When you file and fly an IFR flight plan, you’ll have an assigned altitude for every segment of the flight. You’re not permitted to deviate from this altitude without permission (except in emergencies); the altitude obviously has to be high enough so that you don’t hit anything on the ground, and it may be capped on top to keep you away from other aircraft, clear of military training airspace, and so on. (There are several different varieties of minimum altitude that you might be assigned on a route, but that’s a distinction for another day.)
These altitude assignments can often be expressed as constraints. ATC might, for instance, say “N32706, descend pilot’s discretion 4000”, which means I’m cleared to go from whatever altitude I’m at down to 4000′ at whatever rate of descent I want. I’m still not cleared to descend below 4000′ though. And of course, there are lots of constraints on instrument approaches, where we’re commonly told to maintain an altitude between an upper and lower limit at different segments of approach.
It’s common for air traffic control to give pilots crossing restrictions, too. For example, airplanes flying into Norcal Approach’s airspace will often be told to cross KLIDE “at or above 12000”. If they’re flying the ILS 30L (an excerpt of which is shown below), they’ll be told to “cross KLIDE at or above 4000, reduce speed to 230 knots”. You can tell that there’s a restriction there because of the horizontal line under the altitude– an underline means “at or above”, an overline means “at or below,” and both together mean “at”.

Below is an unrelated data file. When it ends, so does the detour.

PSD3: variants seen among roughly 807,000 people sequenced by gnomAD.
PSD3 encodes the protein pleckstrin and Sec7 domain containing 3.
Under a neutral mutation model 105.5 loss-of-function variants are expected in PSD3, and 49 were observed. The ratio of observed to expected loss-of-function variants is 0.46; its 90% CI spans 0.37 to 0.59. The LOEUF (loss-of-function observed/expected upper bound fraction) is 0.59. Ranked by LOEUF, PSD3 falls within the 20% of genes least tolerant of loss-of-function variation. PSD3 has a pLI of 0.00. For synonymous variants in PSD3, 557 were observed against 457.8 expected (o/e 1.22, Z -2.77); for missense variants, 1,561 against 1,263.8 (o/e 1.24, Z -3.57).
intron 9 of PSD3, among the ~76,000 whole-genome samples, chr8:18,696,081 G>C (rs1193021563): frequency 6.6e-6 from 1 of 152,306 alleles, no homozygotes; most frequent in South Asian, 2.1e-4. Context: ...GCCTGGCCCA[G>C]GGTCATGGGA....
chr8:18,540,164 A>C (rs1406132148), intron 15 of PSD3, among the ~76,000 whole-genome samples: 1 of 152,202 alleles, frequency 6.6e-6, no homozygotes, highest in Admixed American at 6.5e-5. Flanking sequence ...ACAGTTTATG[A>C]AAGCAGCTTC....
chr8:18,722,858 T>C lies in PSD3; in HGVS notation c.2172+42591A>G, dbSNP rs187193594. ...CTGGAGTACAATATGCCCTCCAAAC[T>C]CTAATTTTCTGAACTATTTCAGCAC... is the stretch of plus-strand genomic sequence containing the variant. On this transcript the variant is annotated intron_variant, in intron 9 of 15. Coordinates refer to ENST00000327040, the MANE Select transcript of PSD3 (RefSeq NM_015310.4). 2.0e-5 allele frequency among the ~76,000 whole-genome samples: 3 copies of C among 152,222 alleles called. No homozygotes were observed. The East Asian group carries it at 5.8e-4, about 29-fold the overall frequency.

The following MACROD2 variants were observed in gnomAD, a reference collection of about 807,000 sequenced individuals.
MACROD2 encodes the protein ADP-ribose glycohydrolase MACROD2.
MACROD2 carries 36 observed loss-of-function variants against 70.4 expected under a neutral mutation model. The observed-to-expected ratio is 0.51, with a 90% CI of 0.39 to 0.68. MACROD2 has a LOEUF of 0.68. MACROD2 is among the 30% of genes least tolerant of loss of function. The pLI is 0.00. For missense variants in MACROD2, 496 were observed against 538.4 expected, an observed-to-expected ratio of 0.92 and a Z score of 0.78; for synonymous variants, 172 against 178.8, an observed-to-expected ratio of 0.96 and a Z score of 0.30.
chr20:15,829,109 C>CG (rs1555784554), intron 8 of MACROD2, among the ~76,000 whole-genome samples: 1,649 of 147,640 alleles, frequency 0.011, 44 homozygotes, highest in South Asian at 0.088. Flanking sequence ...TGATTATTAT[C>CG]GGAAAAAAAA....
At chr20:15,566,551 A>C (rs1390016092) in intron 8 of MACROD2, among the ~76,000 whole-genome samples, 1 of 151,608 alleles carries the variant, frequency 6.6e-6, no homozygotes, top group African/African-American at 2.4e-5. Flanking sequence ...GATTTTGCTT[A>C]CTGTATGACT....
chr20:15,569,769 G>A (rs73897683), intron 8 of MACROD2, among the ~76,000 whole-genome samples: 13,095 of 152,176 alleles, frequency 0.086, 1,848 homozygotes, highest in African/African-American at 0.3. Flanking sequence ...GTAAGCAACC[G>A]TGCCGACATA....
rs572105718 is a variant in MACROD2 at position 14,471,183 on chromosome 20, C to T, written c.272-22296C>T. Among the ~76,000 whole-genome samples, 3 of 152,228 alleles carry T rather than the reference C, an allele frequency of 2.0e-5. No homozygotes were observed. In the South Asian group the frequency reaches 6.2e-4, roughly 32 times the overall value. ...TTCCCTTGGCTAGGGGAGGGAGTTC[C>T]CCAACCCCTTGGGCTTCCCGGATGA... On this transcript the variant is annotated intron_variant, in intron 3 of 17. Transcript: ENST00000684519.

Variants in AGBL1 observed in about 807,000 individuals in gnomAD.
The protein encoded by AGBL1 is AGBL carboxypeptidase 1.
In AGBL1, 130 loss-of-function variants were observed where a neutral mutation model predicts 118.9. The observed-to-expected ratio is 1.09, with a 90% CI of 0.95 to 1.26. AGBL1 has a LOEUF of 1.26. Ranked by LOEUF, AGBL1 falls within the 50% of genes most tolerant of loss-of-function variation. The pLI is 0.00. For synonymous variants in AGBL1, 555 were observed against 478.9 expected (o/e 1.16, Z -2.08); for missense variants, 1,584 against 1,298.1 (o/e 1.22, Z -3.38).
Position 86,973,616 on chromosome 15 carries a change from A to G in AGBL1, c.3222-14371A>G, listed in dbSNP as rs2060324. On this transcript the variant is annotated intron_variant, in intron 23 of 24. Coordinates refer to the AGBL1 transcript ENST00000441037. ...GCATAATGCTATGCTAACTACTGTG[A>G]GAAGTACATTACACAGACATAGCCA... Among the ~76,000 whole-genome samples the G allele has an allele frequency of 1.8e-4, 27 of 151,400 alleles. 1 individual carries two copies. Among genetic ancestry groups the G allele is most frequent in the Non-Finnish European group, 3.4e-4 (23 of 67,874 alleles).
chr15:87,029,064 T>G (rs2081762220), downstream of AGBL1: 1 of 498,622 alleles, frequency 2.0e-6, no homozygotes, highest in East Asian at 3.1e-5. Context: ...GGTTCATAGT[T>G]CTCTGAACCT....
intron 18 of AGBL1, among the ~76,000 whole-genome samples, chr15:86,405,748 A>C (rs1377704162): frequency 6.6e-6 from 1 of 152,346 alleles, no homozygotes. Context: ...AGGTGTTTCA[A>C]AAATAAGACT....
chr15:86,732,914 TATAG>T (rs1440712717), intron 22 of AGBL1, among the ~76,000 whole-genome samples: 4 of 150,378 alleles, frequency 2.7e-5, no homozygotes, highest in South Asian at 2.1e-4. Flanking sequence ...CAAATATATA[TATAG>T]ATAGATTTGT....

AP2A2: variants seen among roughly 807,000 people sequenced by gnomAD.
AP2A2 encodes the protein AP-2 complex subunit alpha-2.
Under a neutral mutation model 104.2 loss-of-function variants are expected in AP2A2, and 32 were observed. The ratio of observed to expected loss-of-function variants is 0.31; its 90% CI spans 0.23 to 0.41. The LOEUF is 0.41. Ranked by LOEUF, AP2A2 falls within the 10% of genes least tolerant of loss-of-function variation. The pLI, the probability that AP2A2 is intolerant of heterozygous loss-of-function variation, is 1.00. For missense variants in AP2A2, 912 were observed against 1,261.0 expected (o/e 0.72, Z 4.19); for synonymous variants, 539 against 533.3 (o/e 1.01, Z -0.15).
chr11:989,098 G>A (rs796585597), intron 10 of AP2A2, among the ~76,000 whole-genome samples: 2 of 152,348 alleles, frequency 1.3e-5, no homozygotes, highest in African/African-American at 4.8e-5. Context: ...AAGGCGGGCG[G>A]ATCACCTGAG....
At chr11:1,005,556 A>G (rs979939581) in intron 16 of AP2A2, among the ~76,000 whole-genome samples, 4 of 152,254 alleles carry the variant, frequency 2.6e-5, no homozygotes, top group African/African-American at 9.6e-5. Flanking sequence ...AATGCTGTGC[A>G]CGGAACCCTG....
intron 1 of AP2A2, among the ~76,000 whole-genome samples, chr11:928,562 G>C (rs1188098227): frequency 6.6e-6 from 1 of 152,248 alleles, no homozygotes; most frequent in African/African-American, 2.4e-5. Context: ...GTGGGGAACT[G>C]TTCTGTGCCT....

Those horizontal lines are important
An example I’m personally familiar with is that, when you fly into McCollum Field in north Atlanta from the west, the Atlanta Center controller will typically tell you to cross 35mi west of the airport at a specific altitude. In days of old, I’d just do this manually, which required a bit of math– “a standard 500 foot/minute descent at X airspeed means I need to start descending at Y minutes.” The IFD540 makes crossing restrictions really simple to track, but the interface for doing so is a little weird.
To specify a vertical constraint, you use the FMS page. The problem is that, by default, the FMS page shows the flight plan as a strip along the right edge of the screen, and you can’t see the fields necessary to enter the constraint. The example below (taken from Avidyne’s excellent Windows simulator) shows what I mean– you can see the flight plan in FMS view but, unless you know this One Simple Trick, you can’t put in crossing restrictions.
Tapping the “FPL” tab on the left edge of the flight plan data strip changes your view, though. In the expanded view, it’s easy to specify the distance and altitude you want, as you can see in this picture from the actual IFD540. ATC told me “cross CARAN at 5000” and so it was a trivial matter to specify a crossing distance of 0nm and an altitude of 5000 feet. I could just as easily have handled an instruction like “descend to 5000 5nm west of CARAN.”
As soon as I put the restriction in place and switched back to the map view, I could see a new “TOD” (top of descent) circle showing me where to start my descent. In addition, notice that CARAN is now bracketed by lines above and below its name– that’s because I specified I wanted to cross at 5000. If I had said “at or above” or “at or below,” the symbology would reflect that.
There’s also an audio alert which sounds just like a doorbell– so If you start a 500fpm descent when you hear the chime at the indicated TOD, you’ll arrive at the specified crossing point at the right altitude. This is a very handy feature, especially since you can set any combination of distance and altitude. Want to make sure you arrive right at pattern altitude when coming into an unfamiliar airport? Set a restriction for, say, 2nm on the approach side of the airport for pattern altitude and voila!